We managed to complete nearly half of Zone E1 on the first day and finished with time to spare on our second day (yesterday) which meant we were able to enjoy a walk through the trees surrounding my cottage, too. We had more ground to cover on the second day of our survey, but by then we had a good system that meant we were able to get straight to work. Although I think that, in hindsight, a better system would have included lots of rope and ribbons to really mark off sections and to provide better mapping. But hey, we’re laymen volunteers, not professional dendrologists!

There’s a heart in the middle of this “tree eye”

I decided against taking rubbish bags to the site for the survey as I didn’t know how many I would need (thankfully, not many!) and I didn’t want to be carrying rubbish whilst counting trees. Instead, I will head back out to the site in the next week or so specifically to collect the various bottles and such that have been left behind – likely through a combination of teenagers partying in the woods and people mindlessly dropping things on their visits (intentionally or otherwise). I estimate that it will take a couple of hours to collect it all for the rubbish and recycling bins.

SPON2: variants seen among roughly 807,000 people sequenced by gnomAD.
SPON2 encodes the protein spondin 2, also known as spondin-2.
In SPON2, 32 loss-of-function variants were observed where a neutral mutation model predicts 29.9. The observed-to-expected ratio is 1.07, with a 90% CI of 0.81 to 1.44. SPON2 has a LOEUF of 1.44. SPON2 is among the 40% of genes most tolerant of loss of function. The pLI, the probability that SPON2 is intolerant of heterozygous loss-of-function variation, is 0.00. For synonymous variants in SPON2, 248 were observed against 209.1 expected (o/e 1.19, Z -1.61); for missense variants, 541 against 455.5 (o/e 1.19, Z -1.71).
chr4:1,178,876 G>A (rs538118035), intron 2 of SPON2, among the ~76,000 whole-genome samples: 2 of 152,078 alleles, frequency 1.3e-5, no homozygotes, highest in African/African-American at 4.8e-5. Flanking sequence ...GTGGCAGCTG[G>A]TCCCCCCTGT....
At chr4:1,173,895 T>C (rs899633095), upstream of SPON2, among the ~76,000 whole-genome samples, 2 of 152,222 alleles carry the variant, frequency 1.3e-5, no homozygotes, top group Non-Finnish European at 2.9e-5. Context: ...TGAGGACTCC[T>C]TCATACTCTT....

Oh! And if you’re wondering how many trees we counted, here are some figures:

  • Total countable trees: 944*
  • Alder: 154
  • Ash: 15
  • Birch: 307
  • Cherry: 13
  • Hawthorn: 14
  • Larch: 174
  • Poplar: 165
  • Sycamore: 62

There were a few other species included in the 944 countable trees and there were many, many, many, many uncounted “clusters” of seedlings and rows of roses and broom along the fence line that would have been difficult to count individually due to the nature of those bits of nature! We also catalogued a wide selection of fungus, moss, lichen, and other such wonders (some of which are in the photo gallery below).

The Roslin Moat: A brief history

The Roslin Moat spent much of the 20th Century as a colliery and brickworks. Owned by the Shotts Iron Company, coal production began with the sinking of two shafts between 1901-1903 and the Roslin Brick Works opened in 1937. In 1947, the National Coal Board took over the site. They ran both the colliery and the brick works until 1969 when the mines closed. From there, the Scottish Brick Corporation took over the brickworks until its closure at the end of December 1977.